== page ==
TCS Daily

Battle-Softened Foe

By Ralph Kinney Bennett - April 2, 2003 12:00 AM

"God and country, baby! That's why were doin' this! And we're gonna' win!"

I hope you saw that guy in a tank helmet on Fox News, pumped with adrenaline, standing atop his turret after a skirmish Monday. It was one of those great little moments that captured the fighting spirit of American troops as they step up the pace of probing attacks against the Republican Guard south of Baghdad.

By the way, let's just stop here for a minute to do a bit of analytical housekeeping. Could all reporters, pundits, analysts, armchair generals and other commentators please stop using the word "elite" when describing the Republican Guard? These are not elite troops in any sense of the word. These are a bunch of strutting bullies who have abused their own people and spent a lot of time parading in front of His Nibs, the guy with the ridiculous fedora who shoots his pistol in the air and is now notably missing.

Now they are having their sorry asses handed to them by real elite troops - British and American Special Forces and the "ordinary" fighting men of the British and American infantry and the Royal and U.S. Marines, not to mention naval and air forces.

And it is only going to get worse for Saddam's "vaunted" troops. Somebody on TV the other day described them as "hardened." Well, they are about to get "softened." Softening up is the rather innocuous term that has long been used for the process of hitting troops in defensive positions with artillery and aerial bombardment. It is an interesting, destructive and sometimes tedious business.

During the Gulf War this process was somewhat simplified by the fact that most Iraqi units were dug into open desert defensive positions. They received the classic pounding with tons of artillery and bombs. In the present situation Republican Guard units are maneuvering to array themselves in a more "textured" area - buildings and houses, hills and ravines, a fair amount of vegetation. In many cases they have made the serious mistake of digging their tanks into earthen revetments. While this gives them some protection against the guns of our Abrams tanks, it reduces their mobility and, worse, makes them ideal targets for air attack.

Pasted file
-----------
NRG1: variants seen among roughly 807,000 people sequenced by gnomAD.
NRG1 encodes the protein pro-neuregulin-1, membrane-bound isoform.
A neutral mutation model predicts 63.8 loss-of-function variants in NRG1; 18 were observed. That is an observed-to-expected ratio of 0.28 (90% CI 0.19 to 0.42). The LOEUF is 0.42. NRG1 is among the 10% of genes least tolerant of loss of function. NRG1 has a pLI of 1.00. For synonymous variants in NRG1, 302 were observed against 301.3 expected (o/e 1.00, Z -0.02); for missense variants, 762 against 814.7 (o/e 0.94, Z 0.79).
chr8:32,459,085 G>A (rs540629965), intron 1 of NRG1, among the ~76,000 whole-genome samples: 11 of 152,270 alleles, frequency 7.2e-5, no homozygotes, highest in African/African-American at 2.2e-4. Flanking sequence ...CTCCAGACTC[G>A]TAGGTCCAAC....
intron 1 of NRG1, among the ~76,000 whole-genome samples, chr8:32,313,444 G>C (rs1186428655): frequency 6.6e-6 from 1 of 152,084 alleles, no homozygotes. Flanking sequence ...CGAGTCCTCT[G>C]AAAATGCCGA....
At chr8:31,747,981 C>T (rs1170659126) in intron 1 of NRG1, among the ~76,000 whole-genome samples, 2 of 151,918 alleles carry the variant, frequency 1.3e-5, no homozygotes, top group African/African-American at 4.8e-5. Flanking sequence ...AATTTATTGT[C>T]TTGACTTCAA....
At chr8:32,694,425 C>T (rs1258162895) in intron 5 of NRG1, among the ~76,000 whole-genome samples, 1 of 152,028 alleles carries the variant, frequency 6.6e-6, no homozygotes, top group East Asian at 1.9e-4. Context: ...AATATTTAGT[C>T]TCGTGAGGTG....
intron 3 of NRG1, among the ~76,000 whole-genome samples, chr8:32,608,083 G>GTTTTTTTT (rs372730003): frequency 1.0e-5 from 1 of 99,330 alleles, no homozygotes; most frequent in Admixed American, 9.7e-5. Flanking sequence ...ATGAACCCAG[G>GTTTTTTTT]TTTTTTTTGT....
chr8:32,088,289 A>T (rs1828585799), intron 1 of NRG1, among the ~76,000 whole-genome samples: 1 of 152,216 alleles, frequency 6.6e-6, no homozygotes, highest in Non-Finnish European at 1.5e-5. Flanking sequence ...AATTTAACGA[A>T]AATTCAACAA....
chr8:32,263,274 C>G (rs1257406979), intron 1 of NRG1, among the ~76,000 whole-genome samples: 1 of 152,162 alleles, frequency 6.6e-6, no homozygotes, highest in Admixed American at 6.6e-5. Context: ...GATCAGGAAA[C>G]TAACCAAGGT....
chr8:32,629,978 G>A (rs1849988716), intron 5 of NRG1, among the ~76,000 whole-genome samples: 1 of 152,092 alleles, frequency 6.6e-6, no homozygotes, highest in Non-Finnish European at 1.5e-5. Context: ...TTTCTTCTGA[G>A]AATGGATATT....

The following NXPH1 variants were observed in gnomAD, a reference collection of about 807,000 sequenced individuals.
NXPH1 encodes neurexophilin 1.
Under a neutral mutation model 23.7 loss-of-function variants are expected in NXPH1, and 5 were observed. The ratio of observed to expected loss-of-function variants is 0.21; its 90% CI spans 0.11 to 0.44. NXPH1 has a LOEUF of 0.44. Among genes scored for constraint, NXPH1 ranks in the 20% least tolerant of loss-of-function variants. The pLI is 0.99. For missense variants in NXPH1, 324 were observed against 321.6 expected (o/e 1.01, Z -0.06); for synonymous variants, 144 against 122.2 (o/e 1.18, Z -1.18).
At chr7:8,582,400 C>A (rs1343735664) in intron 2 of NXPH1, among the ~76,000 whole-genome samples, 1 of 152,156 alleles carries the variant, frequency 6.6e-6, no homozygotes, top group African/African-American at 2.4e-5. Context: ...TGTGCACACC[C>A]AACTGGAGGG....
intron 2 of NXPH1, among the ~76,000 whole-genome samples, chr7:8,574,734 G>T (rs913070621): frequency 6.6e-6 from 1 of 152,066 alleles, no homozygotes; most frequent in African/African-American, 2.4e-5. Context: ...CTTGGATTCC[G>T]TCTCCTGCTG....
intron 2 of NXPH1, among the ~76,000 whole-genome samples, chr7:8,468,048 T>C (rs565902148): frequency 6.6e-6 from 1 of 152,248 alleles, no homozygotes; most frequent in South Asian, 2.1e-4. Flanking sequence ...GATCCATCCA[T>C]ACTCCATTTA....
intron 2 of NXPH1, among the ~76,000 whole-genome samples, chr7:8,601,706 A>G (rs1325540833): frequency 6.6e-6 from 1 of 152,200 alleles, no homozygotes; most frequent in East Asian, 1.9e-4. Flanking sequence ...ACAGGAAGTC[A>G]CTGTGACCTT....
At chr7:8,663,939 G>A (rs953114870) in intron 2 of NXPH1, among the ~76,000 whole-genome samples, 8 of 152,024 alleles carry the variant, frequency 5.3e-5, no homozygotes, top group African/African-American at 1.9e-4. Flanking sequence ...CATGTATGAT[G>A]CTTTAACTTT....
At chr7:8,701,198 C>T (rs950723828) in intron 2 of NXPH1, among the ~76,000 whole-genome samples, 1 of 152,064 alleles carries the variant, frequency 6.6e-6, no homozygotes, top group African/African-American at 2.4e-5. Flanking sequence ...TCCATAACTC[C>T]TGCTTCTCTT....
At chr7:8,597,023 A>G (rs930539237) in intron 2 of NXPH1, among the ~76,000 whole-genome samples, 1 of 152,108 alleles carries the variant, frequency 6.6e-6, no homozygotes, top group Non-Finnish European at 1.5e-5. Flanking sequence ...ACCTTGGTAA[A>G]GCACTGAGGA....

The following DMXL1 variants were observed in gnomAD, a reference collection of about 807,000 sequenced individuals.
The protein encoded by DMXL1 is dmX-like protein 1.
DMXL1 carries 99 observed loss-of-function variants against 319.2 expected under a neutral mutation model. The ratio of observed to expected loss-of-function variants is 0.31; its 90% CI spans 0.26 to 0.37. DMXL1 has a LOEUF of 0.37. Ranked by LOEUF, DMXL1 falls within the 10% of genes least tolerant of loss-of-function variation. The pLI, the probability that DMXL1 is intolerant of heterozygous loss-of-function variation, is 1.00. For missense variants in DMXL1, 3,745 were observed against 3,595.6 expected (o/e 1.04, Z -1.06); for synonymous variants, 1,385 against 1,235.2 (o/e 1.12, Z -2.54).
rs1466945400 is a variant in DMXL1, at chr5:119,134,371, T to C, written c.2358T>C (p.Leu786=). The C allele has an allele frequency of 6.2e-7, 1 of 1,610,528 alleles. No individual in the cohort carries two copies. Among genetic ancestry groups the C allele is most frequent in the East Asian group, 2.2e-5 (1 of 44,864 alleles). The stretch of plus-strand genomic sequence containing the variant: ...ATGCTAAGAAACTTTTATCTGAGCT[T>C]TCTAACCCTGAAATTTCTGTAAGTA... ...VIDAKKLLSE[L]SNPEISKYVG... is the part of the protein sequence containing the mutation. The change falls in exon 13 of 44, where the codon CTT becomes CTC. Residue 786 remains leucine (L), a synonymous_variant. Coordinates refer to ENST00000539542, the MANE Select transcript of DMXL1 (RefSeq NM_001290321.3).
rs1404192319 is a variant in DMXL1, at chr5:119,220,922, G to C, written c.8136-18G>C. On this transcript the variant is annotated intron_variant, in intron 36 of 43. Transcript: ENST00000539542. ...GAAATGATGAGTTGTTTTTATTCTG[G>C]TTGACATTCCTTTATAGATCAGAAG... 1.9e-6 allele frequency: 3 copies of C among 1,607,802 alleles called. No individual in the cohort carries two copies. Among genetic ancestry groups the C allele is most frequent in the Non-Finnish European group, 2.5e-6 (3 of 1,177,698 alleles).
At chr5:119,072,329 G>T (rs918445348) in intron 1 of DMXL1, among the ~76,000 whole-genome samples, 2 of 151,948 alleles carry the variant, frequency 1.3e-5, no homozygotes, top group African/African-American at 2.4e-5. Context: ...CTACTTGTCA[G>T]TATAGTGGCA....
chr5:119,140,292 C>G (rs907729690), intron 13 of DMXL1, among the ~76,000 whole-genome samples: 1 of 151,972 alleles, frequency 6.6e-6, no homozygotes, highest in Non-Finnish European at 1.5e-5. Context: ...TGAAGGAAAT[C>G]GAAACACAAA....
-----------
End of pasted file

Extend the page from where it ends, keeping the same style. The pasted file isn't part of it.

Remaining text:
The name of the game for U.S. forces around Baghdad is to conduct probes designed to draw the Iraqis out into the open. This will help Centcom determine the "shape" of the battlefield. Consider the situation if you were, say, an Iraqi brigade commander right now:

  • If you sit still you will see your armor, vehicles and artillery methodically decimated by artillery fire and carefully coordinated air attacks.
  • If you move you immediately give yourself away and subject yourself to directed artillery fire or, worse, an attack from a loitering attack aircraft like an A-10 "Warthog" with its Hellfire missiles or 30 mm Gatling gun.
  • If you attempt to mass troops or armor into any force large enough to do battle with the mechanized forces converging on your position you merely make a bigger target.

Your choices are grim and dangerous to the civilian populace you are supposedly defending. You can climb into a bunker somewhere and hunker down. You can attempt to hide tanks in mosques or hospitals or schools. You can commandeer houses and apartment buildings and hide literally behind the robes of women and old men.

Above the battlefield, satellites, JSTARS (Joint Surveillance Target Attack Radar System) aircraft and smaller observer aircraft, both manned and unmanned, are watching you breathe. Start up a tank motor, switch on a radar or a radio and you give yourself away. Run across a street from one building to another in the imagined cover of darkness and your body heat gives off a signature.

JSTARS is a highly modified Boeing 707 stuffed with radars, electronic surveillance equipment and computers. Circling high, high above Iraq, its operators hunched over their consoles can cover hundreds of thousands of square miles. Looking down onto battlefields from Kirkuk to Basrah, they can direct aircraft, missiles or artillery fire where they are needed. They can follow individual vehicles night or day and in all kinds of weather. They can determine if a vehicle is tracked or on wheels. They can give a field officer, who may be aware of, say 10 tanks in his immediate area, an immediate big picture of what enemy assets may lie 10, 15, 20 miles around him. They can help direct traffic as aircraft stack up in holding areas waiting to be directed to specific targets.

It is precisely because we have such good "eyes" over the battlefield that the process of softening up will be more effective than ever before. We have seen this past weekend and will see in coming days, the increased use of precision guided munitions (PGMs) against discrete targets as they are picked out in the area around Baghdad. The Pentagon reported that around 3000 precision weapons were delivered over the past weekend alone. It released strike videos of individual aircraft (yes, the Iraqis have some aircraft, although not a one has apparently left the ground) and armor being strafed or bombed. These vehicles, caught here and there in the open were evidence that the Republic Guard is increasingly unable to operate as a cohesive force of any useful size.

The media seems to be chomping at the bit to make a dash into Baghdad. But why? This softening up period could, and indeed should, last for a week or more. Meanwhile, every probing attack by U.S. forces will probably be greeted as "the start of the ground attack." But the coming days could be seemingly slow, even tedious. If the "Guard" will not or cannot come out and fight then it must be slowly dismantled tank-by-tank, missile launcher-by-missile launcher, field gun-by-field gun. We have the tools to do it. All we need is the patience.


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